Germany - Why The New Nazis ? It's The East Wind

For anyone wondering why Germany still struggles with neo-Nazi and Far Right movements - particularly in the East, it's a complex situation, but there are a few key contributors.

When the Deutsche Demokratische Republik (DDR) or East Germany was established after WW2, the founders of the new state (and Moscow) were keen to set themselves apart from the capitalist West Germany. This required a new national narrative, in line with Soviet ideology.

Essentially, a 'Day Zero' approach was taken. Fascism was seen to be the end-game of capitalism, its natural culmination. East Germany was a new dawn, a 'tabula rasa', a chance to start fresh. If anything, East Germans were posed as those who fought Nazism.

What this meant was that while the older generation put their heads down and got on with it, younger generations grew up not feeling the same responsibility for the past that their Western cousins did. This New York Times article from 1964 offers a fascinating glimpse.

Let me be really clear here - if you grew up at any time in West Germany prior to the fall of the Berlin Wall, your education throbbed (and truth be told, still throbs) with confrontations with the country's Nazi past. There is simply no comparison in the approach.

At the same time, East Germany remained relatively culturally homogeneous - it didn't have the same exposure to migration and global trends that West Germany did. Combined with the collectivist bent of the DDR, a certain racial profile was maintained.

Many older Germans in the East remember the DDR as much, much more stable, plentiful and benevolent than it actually was - this is also that generation who grew up thinking Nazism was someone's else's fault. These attitudes were passed down to their children.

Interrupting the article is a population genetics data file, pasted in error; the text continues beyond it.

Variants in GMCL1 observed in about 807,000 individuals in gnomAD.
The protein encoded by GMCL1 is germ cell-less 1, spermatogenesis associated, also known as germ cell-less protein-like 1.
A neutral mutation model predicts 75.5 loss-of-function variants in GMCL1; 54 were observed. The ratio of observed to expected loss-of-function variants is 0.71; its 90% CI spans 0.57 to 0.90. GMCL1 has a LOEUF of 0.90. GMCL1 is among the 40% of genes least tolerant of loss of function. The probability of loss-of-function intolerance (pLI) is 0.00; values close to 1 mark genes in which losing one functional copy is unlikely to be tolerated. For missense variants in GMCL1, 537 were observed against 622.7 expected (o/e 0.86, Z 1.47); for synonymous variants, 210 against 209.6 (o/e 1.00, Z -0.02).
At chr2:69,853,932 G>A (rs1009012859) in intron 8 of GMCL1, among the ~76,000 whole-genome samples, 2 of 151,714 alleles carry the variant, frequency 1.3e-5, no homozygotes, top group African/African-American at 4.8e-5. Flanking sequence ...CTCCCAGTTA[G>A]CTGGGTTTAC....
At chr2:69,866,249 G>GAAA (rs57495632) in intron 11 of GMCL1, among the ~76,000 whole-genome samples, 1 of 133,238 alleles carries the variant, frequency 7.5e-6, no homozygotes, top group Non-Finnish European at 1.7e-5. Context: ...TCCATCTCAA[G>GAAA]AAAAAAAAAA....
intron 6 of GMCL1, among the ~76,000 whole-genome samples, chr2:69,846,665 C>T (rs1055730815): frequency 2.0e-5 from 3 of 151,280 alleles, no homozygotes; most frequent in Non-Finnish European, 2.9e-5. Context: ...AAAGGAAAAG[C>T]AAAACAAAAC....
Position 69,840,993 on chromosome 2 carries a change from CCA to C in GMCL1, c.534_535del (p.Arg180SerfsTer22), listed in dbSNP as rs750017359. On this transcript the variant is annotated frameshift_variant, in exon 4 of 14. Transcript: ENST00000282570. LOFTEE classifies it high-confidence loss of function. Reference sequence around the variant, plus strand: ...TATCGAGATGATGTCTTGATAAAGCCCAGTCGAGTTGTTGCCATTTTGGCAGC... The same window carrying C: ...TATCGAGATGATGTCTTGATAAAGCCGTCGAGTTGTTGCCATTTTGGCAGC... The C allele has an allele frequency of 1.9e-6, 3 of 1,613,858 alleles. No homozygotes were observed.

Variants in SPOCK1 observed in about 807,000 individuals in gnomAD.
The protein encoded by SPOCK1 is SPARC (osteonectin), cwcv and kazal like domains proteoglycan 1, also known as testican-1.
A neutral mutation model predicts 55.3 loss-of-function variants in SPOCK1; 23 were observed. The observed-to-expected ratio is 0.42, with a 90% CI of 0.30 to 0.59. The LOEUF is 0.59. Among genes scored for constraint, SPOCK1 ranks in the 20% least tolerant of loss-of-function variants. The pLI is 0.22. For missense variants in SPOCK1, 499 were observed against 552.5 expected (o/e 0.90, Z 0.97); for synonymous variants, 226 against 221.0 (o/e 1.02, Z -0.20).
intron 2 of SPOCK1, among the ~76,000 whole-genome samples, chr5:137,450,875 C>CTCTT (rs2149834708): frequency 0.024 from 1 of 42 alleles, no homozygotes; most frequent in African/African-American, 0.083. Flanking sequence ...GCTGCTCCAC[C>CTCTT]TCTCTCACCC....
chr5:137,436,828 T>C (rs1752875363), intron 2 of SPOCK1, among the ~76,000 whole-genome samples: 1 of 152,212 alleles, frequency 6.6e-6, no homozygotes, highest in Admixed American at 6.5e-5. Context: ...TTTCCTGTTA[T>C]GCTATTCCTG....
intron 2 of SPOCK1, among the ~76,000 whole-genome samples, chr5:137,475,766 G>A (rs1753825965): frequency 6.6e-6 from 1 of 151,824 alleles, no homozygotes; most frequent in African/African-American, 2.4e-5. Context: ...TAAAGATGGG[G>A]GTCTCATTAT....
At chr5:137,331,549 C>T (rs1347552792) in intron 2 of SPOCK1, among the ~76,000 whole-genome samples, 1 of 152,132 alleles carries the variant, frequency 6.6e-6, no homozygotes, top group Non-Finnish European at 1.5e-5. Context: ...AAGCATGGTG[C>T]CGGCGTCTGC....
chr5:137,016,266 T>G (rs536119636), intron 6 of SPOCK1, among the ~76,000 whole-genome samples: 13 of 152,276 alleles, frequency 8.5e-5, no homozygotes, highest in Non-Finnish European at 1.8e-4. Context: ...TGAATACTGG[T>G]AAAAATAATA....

In 1989 the Berlin Wall fell, as we know, and those in the DDR were confronted with a markedly different West Germany - highly advanced in technology, infrastructure and social trends. Wealth disparities were huge and, in some areas, remain so to this very day.

Resentment in the east of Germany has festered for almost thirty years. A sense that the West has been a pernicious influence that has robbed them of the security and homogeneity they enjoyed from '49 - '89 has hardly had time to abate.

Combined with the fact that those in the former DDR simply weren't forced to confront the endgame of Nazism, it's only natural that radical Far Right groups quickly found fertile ground to grow and spread in the east.

Now, as Germany takes on migrants and asylum seekers, there is a noticeable surge in those flocking to these Far Right movements across the East - it's simply another change that they consider an affront to their sense of national identity and 'fair play'.

Of course, there are now plenty among the media, security services and populist political movements looking to use the migrant situation to their political or financial advantage, stoking fears and spreading false information - this is how something like Chemnitz happens.

There are plenty more factors at play that make Germany a flashpoint for Far Right violence, and I'm sure Germans will pitch in with their ideas.

I'm also happy to be corrected on any of these points.


The DDR really did a number with its propaganda. 'Ostalgia' for the DDR is a *thing*. It's why it's acceptable for me to have a house with a bunch of East German trinkets. Also, I want a Trabant. Don't believe me? Go to the DDRMuseum.

By historian, writer, commentator and broadcaster Mike Stuchbery, reproduced here with full permission. You can find Mike on Twitter at ...